Mastectomy with a Tissue Expander; Heating Pad Burn?

My mother-in-law had a Mastectomy with a tissue expander. Over the weekend she used a heating pad to alleviate the pain which caused her to burn the skin. Her plastic surgery is recommending removal of the expander and burned skin. He thinks the skin will take to long to heal. Is this the only option? Would a skin graft be an option?

Doctor Answers 6

Mastectomy with a Tissue Expander; Heating Pad Burn?

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Another unfortunate demonstration of the hazard of using heating pads on lifted skin (as in mastectomy, face lift, tummy tuck). Not enough info here for a specific suggestion. All the best. 

Seattle Plastic Surgeon

Heatin Pad Burn

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Yes, I think that the recommend option by your mother-in-laws surgeon is the best option. Getting a skin graft will not be an option.

Treatment of Skin loss after mastectomy and tissue expander reconstruction.

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I have treated many patients who had skin loss after mastectomy and immediate reconstruction. The mastectomy flaps are often thin and can be lost because of lack of circulation. A loss caused by burning is similar. It is important to intervene before there is a skin break down and contamination of the implant. Once it is determined that the skin is lost and will not heal there are several options:

  •  If the loss is small, one can remove it and repair. Partial deflation of the expander will help
  • If the loss is over a muscle, it could be skin grafted as long as the muscle is viable.
  • The area could be removed and replaced by a latissimous doris skin muscle flap.
  • The skin and expander could be removed and replaced by a TRAM flap
  • If there is any question of contamination or early infection removing the expander and the devitalised skin followed by closure is anther option.

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Most breast reconstruction burns will heal.

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We have certainly seen this, and almost always, the burn heals after several weeks applying Silvadene (antibiotic) cream.  But there are several important details.  For instance, waiting is a lot safer if the tissue expander is covered by muscle.  I have not treated this situation with a skin graft, but that is a possibility.  Removing the tissue expander will certainly leave a very difficult reconstructive problem.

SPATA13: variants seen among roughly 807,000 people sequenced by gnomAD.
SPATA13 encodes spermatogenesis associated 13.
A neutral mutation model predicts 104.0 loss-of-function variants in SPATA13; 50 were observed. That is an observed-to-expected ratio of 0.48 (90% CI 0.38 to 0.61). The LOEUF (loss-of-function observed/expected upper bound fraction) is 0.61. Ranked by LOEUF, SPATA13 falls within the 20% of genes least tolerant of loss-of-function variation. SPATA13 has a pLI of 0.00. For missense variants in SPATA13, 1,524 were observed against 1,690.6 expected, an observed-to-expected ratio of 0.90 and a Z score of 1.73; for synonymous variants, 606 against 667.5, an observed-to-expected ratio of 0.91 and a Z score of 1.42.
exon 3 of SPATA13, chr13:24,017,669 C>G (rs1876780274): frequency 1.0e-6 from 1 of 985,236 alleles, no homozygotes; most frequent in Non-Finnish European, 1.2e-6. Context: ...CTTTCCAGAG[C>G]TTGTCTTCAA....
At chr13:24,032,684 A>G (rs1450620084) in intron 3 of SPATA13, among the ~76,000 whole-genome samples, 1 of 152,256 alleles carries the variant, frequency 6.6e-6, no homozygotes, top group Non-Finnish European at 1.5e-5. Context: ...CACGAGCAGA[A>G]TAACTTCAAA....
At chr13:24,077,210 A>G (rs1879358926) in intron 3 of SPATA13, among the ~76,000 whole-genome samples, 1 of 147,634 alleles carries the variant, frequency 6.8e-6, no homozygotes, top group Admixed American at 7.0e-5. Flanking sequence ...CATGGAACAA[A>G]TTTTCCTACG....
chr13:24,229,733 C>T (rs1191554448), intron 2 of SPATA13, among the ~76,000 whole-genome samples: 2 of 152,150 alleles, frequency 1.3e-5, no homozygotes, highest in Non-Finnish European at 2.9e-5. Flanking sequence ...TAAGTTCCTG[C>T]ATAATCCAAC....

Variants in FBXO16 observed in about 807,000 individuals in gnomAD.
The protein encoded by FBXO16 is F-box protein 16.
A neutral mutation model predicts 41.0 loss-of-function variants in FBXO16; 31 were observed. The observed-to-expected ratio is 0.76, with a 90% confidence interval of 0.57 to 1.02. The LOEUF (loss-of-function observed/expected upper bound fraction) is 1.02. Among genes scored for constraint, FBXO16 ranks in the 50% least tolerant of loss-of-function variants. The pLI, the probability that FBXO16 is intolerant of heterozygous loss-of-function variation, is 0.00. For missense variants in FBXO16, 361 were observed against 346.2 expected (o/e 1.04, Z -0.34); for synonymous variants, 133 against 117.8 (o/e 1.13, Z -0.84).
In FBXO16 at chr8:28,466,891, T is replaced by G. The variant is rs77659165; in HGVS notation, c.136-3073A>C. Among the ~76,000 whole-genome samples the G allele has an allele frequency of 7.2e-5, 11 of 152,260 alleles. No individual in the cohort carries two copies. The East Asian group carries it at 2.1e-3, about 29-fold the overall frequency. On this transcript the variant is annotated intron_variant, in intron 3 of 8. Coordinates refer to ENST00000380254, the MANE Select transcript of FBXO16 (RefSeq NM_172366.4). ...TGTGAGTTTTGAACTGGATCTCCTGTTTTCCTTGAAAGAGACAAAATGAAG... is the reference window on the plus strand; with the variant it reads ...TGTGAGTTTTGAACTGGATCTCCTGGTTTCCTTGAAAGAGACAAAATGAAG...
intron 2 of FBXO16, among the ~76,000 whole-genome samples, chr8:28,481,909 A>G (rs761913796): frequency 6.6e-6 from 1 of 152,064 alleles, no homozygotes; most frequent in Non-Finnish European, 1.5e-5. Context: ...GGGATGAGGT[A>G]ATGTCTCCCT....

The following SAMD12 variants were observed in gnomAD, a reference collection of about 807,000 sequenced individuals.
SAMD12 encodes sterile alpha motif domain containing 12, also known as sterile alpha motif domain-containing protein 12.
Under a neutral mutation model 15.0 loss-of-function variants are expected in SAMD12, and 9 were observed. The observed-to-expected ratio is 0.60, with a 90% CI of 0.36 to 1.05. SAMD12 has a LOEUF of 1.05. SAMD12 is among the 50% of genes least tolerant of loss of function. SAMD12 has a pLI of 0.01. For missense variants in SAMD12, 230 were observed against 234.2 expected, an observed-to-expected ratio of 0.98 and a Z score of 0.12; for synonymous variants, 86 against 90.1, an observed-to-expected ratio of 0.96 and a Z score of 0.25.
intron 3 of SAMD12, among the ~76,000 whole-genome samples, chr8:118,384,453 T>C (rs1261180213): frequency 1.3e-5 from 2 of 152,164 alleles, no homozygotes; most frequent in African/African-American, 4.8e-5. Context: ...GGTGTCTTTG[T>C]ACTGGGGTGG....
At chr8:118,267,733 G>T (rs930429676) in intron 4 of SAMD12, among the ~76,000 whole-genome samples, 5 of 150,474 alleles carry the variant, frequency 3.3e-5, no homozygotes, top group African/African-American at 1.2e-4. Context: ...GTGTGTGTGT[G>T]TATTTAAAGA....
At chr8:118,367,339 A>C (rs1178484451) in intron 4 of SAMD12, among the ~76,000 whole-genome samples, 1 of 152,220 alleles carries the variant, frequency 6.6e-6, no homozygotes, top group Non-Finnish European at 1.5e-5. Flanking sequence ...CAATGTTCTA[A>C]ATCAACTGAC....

George J. Beraka, MD (retired)
Manhattan Plastic Surgeon

Mastectomy flap heating pad burn. What to do?

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I am sorry for your mother-in-law's burn. I too have seen this in a patient of mine after TRAM flap reconstruction (totally numb or insensate flap healing great until my patient wore a black T-shirt in the sun). Fortunately for my patient, she only had a huge blister and this healed uneventfully. I recently had a breast augmentation patient whose caring husband put icebags under her elastic bandeau at bedtime and left them there, causing partial thickness skin loss and scarring from frostbite. I have also seen heating pad burns in a buttock flap for radiation reconstruction, all because these tissues have reduced or no sensation.

Unfortunately, without personal examination, none of us can make a "better" recommendation to "overrule" your mother-in-law's own treating plastic surgeon. He or she really is the best judge of the situation, and delayed healing of a severe burn to the mastectomy flaps may compromise or fatally flaw the reconstructive effort, or prevent subsequent reconstructive efforts once the burn is definitively dealt with.

Other factors such as chemotherapy and/or radiation therapy need to be taken into account in making recommendations about how best to deal with this.

I know both you and she are bitterly disappointed at this turn of events. But unless you have reason to totally mistrust your plastic surgeon's advice, I'd recommend heeding it for a multitude of reasons in your mother-in-law's best interests. Good luck! Dr. Tholen

Burn over mastectomy flap

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I have seen the skin burned on a patient that had  a TRAM in which the skin was insensate. If the burn is bad and full thickness, there may not be enough skin to close easily. Hard to say without an exam.

These answers are for educational purposes and should not be relied upon as a substitute for medical advice you may receive from your physician. If you have a medical emergency, please call 911. These answers do not constitute or initiate a patient/doctor relationship.